An independent study of the effects on performance of different types of golf shoe soles has discovered that driving distance, ball speed, shot dispersion and smash factor all improved when golfers wore replaceable cleats instead of spikeless footwear.
The study was conducted at Pinehurst Golf Resort in America by GOLF Magazine Top 100 instructor Eric Alpenfels and Dr Bob Christina, emeritus professor of kinesiology at the University of North Carolina.
The improvement in these categories was most significant in golfers with high handicaps, as the cleated footwear was claimed to help create a more solid lower body foundation, encourage a more consistent swing, and deliver improved energy transfer from the clubhead to the ball.
The study involved 28 adult male golfers divided into two groups, one half with handicaps over 12 and the other half with handicaps under nine. Each participant hit 10 measurable drives, five in replaceable cleats and five in spikeless shoes. Each drive was on dry, flat ground and all testers used a Titleist Pro V1x ball throughout the study.
The key findings revealed thatfor golfers wearing replaceable cleats increased their average carry distance was 4.35 yards longer than with spikeless shoes; smash factor was better, and ball speed was faster and more consistent.
In addition to producing data, the study also asked participants for their personal views on the two types of soles after taking part in the test. The responses relating to cleated shoes included, ‘I felt a better grip with the ground during the swing’, and ‘I felt like I got more power from the ground up with spiked shoes’, while another said,‘I felt more stable during my swing and had better balance’.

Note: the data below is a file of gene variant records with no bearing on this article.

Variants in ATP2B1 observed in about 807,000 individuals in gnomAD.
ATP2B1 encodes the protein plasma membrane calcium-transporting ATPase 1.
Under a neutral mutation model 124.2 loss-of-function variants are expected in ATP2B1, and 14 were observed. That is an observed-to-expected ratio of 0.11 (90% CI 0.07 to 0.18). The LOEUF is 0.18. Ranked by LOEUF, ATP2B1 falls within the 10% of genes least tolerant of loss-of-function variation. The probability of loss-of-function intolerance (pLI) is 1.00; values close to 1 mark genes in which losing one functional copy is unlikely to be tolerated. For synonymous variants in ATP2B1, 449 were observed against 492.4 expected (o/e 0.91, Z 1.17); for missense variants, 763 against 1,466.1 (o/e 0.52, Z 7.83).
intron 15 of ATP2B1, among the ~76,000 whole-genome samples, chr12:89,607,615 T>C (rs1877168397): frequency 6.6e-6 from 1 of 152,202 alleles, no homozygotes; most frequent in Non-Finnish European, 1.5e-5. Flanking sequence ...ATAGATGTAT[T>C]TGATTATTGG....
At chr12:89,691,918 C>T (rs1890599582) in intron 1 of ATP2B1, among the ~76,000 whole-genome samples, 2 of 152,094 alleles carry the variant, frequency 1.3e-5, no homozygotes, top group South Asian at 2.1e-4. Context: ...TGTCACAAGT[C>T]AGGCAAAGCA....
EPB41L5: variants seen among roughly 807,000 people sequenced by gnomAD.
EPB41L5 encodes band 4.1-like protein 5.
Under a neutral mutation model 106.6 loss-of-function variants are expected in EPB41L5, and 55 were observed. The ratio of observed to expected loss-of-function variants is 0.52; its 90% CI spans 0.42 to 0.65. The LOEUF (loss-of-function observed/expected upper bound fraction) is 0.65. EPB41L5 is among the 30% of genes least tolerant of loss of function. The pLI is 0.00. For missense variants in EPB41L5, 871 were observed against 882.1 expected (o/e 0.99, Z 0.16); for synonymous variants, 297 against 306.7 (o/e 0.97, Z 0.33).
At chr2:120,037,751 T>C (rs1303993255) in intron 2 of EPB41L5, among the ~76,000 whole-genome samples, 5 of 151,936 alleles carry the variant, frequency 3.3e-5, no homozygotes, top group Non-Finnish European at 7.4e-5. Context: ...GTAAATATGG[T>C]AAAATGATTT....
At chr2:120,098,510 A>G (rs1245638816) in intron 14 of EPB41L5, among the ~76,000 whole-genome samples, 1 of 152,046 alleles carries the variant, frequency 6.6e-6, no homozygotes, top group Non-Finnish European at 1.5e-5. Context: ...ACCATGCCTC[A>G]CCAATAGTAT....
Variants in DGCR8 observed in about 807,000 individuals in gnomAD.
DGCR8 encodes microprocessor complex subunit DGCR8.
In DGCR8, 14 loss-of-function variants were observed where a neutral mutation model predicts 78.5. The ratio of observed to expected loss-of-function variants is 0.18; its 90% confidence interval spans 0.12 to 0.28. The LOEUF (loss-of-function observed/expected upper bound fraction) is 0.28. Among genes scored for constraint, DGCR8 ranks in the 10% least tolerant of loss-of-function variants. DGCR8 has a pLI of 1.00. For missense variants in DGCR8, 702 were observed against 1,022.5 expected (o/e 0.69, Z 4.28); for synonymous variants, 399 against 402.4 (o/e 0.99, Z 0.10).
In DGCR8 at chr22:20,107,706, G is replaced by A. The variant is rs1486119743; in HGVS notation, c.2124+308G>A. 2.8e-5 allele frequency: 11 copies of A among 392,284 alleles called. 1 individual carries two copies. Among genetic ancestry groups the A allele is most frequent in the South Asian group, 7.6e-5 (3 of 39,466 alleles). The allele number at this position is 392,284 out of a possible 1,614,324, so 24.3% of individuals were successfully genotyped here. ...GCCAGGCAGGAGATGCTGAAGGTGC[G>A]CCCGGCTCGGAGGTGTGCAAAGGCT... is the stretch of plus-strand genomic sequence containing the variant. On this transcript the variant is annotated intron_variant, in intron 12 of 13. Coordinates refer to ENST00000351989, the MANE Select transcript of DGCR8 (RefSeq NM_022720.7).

Eric Alpenfels, who is a Master PGA Professional, said: “The spiked shoes provided better grip and a more solid lower-body foundation, which produced higher-quality driver swings. Swings in spiked footwear were more efficient at translating clubhead speed into ball speed, because of more centred contact between the clubhead and the ball.”
John Hohman, senior vice-president of marketing for PrideSports, one of the leading manufacturers of golf cleats, said: “This study reinforced what we believed about the benefits of wearing replaceable cleats. Driving distance and accuracy are key aspects of improving your scores, and the data provided by this study shows that your footwear choice absolutely makes a difference in your swing. Every teacher of the game should review this study and start asking students about their footwear during the very first lesson.”
The results of the research featured in the December issue of GOLF Magazine.